April 10, 2017
The 2pm train from Heuston to Cork is hurtling through Tipperary on a glorious Friday afternoon in April, and I am struck by just how empty the country is. With a better transport system, such as French-style fast commuter trains, most of the main conurbations of Ireland could be accessed east to west and north to south in less than an hour. French TGVs travel at an average speed of 200 miles per hour meaning that Dublin to Cork, a distance of 157 miles, could be done in about 45 minutes. Belfast to Cork could be done in under an hour and half, while Dublin to Galway would be just over 30 minutes.
With a train system like this, there would be no housing crisis because we would all be living in what would feel like, in terms of commuting, a big suburb.
This should be the objective of the country, irrespective of what government is in power, because a society that can travel around efficiently and in comfort is a society that’s going places. Look at the most sophisticated societies around the world: they are all characterised by clean, efficient, democratic transport systems. The reason for this is that such systems bring down the cost of land and housing, offering in effect a subsidy to business because basic costs of production are lowered.
This drives productivity upwards.
Now the reason all of this is important, is because this week we received two very important documents that tell us what is going on in our society.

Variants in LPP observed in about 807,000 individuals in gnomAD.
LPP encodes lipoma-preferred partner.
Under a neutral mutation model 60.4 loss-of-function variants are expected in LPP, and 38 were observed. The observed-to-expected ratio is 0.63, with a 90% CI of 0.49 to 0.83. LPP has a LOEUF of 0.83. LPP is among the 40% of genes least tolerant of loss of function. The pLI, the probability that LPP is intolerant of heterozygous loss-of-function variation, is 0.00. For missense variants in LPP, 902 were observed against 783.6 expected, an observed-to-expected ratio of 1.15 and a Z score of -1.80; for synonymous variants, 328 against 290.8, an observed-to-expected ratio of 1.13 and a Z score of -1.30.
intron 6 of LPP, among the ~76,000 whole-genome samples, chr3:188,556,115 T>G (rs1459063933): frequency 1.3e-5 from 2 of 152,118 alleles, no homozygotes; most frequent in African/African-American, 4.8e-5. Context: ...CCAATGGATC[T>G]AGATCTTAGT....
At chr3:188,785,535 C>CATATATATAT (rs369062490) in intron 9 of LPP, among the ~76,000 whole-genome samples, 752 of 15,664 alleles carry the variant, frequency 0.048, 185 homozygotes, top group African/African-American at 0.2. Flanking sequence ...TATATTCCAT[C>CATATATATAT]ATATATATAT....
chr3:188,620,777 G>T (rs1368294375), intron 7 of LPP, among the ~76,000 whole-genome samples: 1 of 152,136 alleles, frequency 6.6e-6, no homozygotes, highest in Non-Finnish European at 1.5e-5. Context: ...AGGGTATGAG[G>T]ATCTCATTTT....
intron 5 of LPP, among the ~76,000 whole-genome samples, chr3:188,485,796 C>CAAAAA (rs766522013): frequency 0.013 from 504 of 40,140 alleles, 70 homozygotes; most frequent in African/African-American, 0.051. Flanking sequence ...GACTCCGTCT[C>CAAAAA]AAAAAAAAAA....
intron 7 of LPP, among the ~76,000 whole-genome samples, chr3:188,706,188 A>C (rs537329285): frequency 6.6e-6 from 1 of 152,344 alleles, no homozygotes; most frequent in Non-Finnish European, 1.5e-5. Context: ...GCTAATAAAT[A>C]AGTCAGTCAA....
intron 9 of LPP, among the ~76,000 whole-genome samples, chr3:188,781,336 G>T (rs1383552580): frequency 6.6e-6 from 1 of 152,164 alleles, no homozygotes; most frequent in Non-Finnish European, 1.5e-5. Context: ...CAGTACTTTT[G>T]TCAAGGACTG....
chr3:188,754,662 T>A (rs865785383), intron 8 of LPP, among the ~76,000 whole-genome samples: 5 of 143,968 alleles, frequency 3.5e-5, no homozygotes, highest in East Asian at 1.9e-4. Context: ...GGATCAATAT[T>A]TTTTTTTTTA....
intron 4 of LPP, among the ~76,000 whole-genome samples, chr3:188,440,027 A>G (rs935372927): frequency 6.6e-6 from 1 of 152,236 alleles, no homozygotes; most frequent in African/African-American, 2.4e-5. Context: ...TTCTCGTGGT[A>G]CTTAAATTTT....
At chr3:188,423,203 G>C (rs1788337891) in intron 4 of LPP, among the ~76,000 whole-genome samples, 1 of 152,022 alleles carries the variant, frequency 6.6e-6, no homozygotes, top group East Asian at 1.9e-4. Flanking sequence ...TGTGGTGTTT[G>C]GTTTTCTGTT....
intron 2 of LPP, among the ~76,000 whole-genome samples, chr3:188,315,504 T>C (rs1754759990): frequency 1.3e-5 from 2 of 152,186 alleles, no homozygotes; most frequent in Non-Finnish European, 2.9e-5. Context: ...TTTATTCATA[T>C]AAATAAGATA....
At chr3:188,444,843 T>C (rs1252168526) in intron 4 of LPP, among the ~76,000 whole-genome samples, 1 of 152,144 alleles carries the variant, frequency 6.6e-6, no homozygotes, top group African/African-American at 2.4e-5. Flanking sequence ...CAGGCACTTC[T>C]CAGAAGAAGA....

The first is the census, which is a reason for celebration. The population is rising and heading back to pre-famine levels. This is great news. A rising population in a rich country tells you all you need to know about the economy. In a world of birth control, people have kids when they are confident about the future. Also, rising migration – another acid test for success – reveals that lots of people are moving in and out of the country. This is a good sign.
Unfortunately, far too many people live in the baby belt — a giant arc which stretches from Drogheda in the North, to Mullingar, towards Port Laoise, down to Carlow and reaching the sea at Arklow. This has to stop and will only do so if there is an efficient transport system. Interestingly, when you compare the levels of population to famine times, the most extraordinary aspect is the fact that rural Ireland, now denuded of people, was full. There were twice as many people living in County Cork than in the whole of Dublin. Now Dublin is ten times bigger than metropolitan Cork. Such a degree of centralization is unheard of in modern western societies. But it won’t change on its own because there is a tendency for economic activity to cluster around large, dominant cities.
But a massive programme of investment in rail, to compliment the investment in motorways, would change this reality, and quickly.
Talk of investment brings us to the second important set of figures released this week: the upbeat economic forecasts from the central bank. Regular readers will know that this column has been highly optimistic about the economy for some time now. It’s interesting to see the normally cautious central bank getting giddy now, particularly as it went out on such a limb suggesting Brexit would hole the economy below the water line last year.